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Libya After Gaddafi: A Dangerous Precedent? 
Richard Falk
Al Jazeera
22 October 2011
(…) Looking at the Libyan experience from international perspective raises several additional concerns. The appraisal of the intervention as a precedent will be mainly shaped by whether what emerges in Libya seems stable, democratic, and equitable, and this will not be fully knowable for years. There are some aspects of the NATO undertaking that already make the Libyan experience a troubling precedent for the future. The UN Security Council, which authorized force under the rubric of ‘the responsibility to protect,’ was either duped or complacent, possibly both.
The authorising resolution, Security Council Resolution 1973 was framed by reference to the establishment of "a No Fly Zone" with the justification for force at the time focused upon protecting the threatened population of Benghazi. Yet this limited mandate from the UN was disregarded almost from the outset.
NATO forces were obviously far less committed to their supposed protective role than to ensuring that the balance of forces within Libya would be tipped in the direction of the insurrectionary challenge. If this intention had been revealed from the outset, it seems almost certain that Russia and China would have used their veto to block approval for any forcible interference under UN auspices. As it was these two states expressed their misgivings about encroaching on the sovereign independence of Libya during the debate and by abstaining when the vote was taken, and were joined by India, Brazil, and Germany as abstaining Security Council members.
It should be extremely disturbing that a restricted UN mandate to use force should be totally ignored, and then no action taken by the Security Council to reconsider the original mandate or to censure NATO for unilaterally expanding the scope and nature of its military role (…). If such a sentiment persists it could defeat even an urgently necessary protective initiative in the future. By ignoring limits the NATO undertaking may have destroyed the prospects for future responsible uses of the responsibility to protect principle.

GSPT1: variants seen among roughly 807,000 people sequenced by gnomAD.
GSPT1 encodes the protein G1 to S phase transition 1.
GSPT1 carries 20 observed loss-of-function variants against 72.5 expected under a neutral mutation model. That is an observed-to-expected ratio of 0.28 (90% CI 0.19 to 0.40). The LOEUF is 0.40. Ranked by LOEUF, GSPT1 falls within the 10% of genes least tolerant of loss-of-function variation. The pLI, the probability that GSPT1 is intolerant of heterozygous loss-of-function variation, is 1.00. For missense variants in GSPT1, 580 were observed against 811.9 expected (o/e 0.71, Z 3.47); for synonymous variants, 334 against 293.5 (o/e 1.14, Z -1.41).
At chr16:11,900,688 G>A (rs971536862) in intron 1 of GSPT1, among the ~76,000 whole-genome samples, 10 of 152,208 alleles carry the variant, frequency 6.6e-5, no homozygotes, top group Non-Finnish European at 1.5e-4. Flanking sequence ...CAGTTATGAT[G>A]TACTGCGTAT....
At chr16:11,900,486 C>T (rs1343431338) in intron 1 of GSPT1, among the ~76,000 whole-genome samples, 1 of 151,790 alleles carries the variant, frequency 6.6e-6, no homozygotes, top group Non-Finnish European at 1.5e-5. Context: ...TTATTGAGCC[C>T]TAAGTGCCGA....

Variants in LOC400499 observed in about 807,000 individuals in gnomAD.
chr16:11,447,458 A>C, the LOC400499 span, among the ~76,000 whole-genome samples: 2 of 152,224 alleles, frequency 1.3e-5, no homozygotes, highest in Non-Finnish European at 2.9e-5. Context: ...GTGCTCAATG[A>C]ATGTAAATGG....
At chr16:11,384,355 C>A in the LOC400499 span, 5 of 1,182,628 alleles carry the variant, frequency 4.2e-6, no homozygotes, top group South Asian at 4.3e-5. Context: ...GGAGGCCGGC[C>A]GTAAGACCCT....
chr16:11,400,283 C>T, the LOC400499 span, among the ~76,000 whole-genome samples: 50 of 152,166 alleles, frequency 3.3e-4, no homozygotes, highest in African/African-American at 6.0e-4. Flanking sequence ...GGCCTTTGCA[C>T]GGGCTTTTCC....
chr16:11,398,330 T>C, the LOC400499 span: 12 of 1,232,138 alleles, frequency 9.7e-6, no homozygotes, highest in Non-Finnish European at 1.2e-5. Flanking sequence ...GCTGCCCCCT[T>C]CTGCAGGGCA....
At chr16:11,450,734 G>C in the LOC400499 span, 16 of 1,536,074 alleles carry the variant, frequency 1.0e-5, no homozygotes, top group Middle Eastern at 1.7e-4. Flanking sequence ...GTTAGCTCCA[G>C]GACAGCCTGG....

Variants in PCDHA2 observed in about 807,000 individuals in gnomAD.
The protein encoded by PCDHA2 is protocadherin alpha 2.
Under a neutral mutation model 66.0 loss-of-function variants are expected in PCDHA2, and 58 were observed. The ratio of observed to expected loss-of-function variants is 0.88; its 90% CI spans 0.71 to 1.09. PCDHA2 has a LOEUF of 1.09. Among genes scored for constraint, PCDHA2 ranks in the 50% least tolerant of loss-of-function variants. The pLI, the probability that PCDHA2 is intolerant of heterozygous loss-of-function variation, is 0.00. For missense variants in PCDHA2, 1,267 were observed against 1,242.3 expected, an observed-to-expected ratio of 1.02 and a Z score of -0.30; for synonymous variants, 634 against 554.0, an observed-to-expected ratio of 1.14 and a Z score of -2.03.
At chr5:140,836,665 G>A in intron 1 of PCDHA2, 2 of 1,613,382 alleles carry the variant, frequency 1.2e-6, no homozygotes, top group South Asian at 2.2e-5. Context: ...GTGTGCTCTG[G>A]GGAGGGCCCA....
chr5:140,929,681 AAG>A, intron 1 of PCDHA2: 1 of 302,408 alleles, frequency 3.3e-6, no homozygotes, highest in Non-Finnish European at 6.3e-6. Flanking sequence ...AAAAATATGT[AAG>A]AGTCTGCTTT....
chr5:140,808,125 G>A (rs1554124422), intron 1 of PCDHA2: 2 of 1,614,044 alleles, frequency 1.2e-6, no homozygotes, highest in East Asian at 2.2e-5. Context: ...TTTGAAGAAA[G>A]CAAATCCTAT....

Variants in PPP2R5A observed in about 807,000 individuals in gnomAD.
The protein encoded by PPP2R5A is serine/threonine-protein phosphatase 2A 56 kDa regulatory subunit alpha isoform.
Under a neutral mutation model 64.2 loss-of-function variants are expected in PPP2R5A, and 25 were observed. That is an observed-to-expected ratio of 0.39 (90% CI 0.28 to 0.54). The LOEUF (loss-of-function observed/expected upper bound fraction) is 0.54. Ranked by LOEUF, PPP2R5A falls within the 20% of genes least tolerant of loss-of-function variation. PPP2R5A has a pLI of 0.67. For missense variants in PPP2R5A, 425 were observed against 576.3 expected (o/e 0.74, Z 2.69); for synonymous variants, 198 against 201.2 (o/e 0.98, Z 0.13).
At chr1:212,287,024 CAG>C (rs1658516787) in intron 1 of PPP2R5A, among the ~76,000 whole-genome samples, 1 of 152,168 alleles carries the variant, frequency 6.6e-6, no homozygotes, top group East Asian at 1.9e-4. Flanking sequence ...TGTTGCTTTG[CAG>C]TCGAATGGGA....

The role of force
There are several dimensions of this concern. To begin with, the UN Charter is drafted to minimise the legitimate role of force in world politics, making war a last resort. To this is added the secondary undertaking of the Charter that is to assure that the UN itself is bound in Article 2(7) to refrain from intervening in matters essentially within the domestic jurisdiction of states unless necessary for maintaining international peace and security. The NATO intervention seems impossible to reconcile with these two core principles of the UN Charter, which is the constitutional framework that is supposed to guide the behavior of the organisation.
It is true that as international human rights has emerged as a strong dimension of world order, these principles have been eroded by practice, although they still remain operative as guidelines. In this regard, it might have been legally and morally acceptable to mount in response to developments in Libya the narrowly conceived protective mission that had apparently been agreed upon in the Security Council, although even then in an atmosphere of skeptical approval either because some members distrusted the pro-interventionist reassurances of the United States and its European partners or anticipated that the pressures on the ground would inevitably produce a massive mission creep.
This experience also casts doubts on the responsibility to protect norm as a basis of principled action by the UN on behalf of a vulnerable people endangered by their own abusive government. Some doubts already existed about the selectivity of the Libyan application of the norm, especially given the failure to lift a UN finger on behalf of the beleaguered civilian population of Gaza, long suffering the ordeal of the long and punitive Israeli blockade. But beyond this geopolitically delimited contour of double standards is the sense that in Libya responsibility to protect was transformed into an opportunity to oust!
In the end, what becomes obvious is that such protective undertakings to achieve credibility in the future must be detached from geopolitics. The best mechanism for reaching such a goal would clearly involve the establishment of a UN Emergency Force that could be activated by a two-thirds vote in either the Security Council or General Assembly, and not be subject to the veto. Such UNEF would need to be funded independently, possibly by finally imposing some sort of UN revenue raising tax on international flights or currency transactions. Of course, such an arrangement will not be easy to bring into being precisely because its existence would threaten current geopolitical prerogatives. And it could be misused. There are no guarantees, but at least there would be a greater prospect that a framework of authorising guidelines would be respected, and that compliance would be supervised. (…)
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